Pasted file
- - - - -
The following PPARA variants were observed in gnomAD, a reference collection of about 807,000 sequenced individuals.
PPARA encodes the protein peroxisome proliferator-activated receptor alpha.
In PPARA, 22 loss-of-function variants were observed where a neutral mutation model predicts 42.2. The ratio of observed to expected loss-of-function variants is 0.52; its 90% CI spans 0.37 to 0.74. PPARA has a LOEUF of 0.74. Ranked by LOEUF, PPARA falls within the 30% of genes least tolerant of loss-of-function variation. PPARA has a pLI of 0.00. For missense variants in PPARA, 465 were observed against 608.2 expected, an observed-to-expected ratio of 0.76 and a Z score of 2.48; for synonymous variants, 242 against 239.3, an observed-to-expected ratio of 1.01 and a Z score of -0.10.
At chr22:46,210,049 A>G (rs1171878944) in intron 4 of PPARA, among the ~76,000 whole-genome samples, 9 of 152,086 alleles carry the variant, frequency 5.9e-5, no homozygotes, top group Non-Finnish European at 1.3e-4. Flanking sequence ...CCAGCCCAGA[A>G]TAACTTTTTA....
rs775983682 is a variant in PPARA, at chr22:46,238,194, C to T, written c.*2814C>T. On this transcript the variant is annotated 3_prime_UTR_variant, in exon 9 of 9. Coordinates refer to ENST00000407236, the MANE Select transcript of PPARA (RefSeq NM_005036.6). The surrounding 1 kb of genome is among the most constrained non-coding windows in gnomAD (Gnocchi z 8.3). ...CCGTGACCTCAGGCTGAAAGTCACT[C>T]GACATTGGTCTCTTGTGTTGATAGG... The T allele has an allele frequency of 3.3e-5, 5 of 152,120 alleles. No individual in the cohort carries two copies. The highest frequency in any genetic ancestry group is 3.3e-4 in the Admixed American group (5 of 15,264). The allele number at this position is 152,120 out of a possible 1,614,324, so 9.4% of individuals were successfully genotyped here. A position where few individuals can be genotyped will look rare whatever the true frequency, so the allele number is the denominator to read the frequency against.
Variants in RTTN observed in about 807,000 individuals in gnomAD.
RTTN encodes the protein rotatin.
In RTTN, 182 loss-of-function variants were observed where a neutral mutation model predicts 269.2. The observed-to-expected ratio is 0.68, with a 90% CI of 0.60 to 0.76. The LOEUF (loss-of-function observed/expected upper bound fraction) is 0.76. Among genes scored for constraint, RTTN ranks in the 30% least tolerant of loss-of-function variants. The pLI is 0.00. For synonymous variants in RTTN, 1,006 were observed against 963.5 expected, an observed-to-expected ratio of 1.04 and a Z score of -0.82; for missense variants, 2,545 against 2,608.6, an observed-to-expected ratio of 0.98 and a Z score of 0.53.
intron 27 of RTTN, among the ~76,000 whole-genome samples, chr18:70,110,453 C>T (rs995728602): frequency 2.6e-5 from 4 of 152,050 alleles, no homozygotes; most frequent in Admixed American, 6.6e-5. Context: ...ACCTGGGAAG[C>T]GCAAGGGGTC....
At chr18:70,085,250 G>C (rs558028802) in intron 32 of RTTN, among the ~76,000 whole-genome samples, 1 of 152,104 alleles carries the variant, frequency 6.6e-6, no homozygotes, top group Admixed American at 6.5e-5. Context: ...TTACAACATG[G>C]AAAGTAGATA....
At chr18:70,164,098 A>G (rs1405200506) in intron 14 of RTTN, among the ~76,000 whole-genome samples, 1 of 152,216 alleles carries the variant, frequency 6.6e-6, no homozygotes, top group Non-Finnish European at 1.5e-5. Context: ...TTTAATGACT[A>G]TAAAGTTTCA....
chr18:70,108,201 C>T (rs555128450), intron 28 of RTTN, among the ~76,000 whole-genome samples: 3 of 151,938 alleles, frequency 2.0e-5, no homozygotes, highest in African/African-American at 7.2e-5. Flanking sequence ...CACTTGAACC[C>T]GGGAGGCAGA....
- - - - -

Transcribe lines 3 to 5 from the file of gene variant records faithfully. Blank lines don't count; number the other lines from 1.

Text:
In PPARA, 22 loss-of-function variants were observed where a neutral mutation model predicts 42.2. The ratio of observed to expected loss-of-function variants is 0.52; its 90% CI spans 0.37 to 0.74. PPARA has a LOEUF of 0.74. Ranked by LOEUF, PPARA falls within the 30% of genes least tolerant of loss-of-function variation. PPARA has a pLI of 0.00. For missense variants in PPARA, 465 were observed against 608.2 expected, an observed-to-expected ratio of 0.76 and a Z score of 2.48; for synonymous variants, 242 against 239.3, an observed-to-expected ratio of 1.01 and a Z score of -0.10.
At chr22:46,210,049 A>G (rs1171878944) in intron 4 of PPARA, among the ~76,000 whole-genome samples, 9 of 152,086 alleles carry the variant, frequency 5.9e-5, no homozygotes, top group Non-Finnish European at 1.3e-4. Flanking sequence ...CCAGCCCAGA[A>G]TAACTTTTTA....
rs775983682 is a variant in PPARA, at chr22:46,238,194, C to T, written c.*2814C>T. On this transcript the variant is annotated 3_prime_UTR_variant, in exon 9 of 9. Coordinates refer to ENST00000407236, the MANE Select transcript of PPARA (RefSeq NM_005036.6). The surrounding 1 kb of genome is among the most constrained non-coding windows in gnomAD (Gnocchi z 8.3). ...CCGTGACCTCAGGCTGAAAGTCACT[C>T]GACATTGGTCTCTTGTGTTGATAGG... The T allele has an allele frequency of 3.3e-5, 5 of 152,120 alleles. No individual in the cohort carries two copies. The highest frequency in any genetic ancestry group is 3.3e-4 in the Admixed American group (5 of 15,264). The allele number at this position is 152,120 out of a possible 1,614,324, so 9.4% of individuals were successfully genotyped here. A position where few individuals can be genotyped will look rare whatever the true frequency, so the allele number is the denominator to read the frequency against.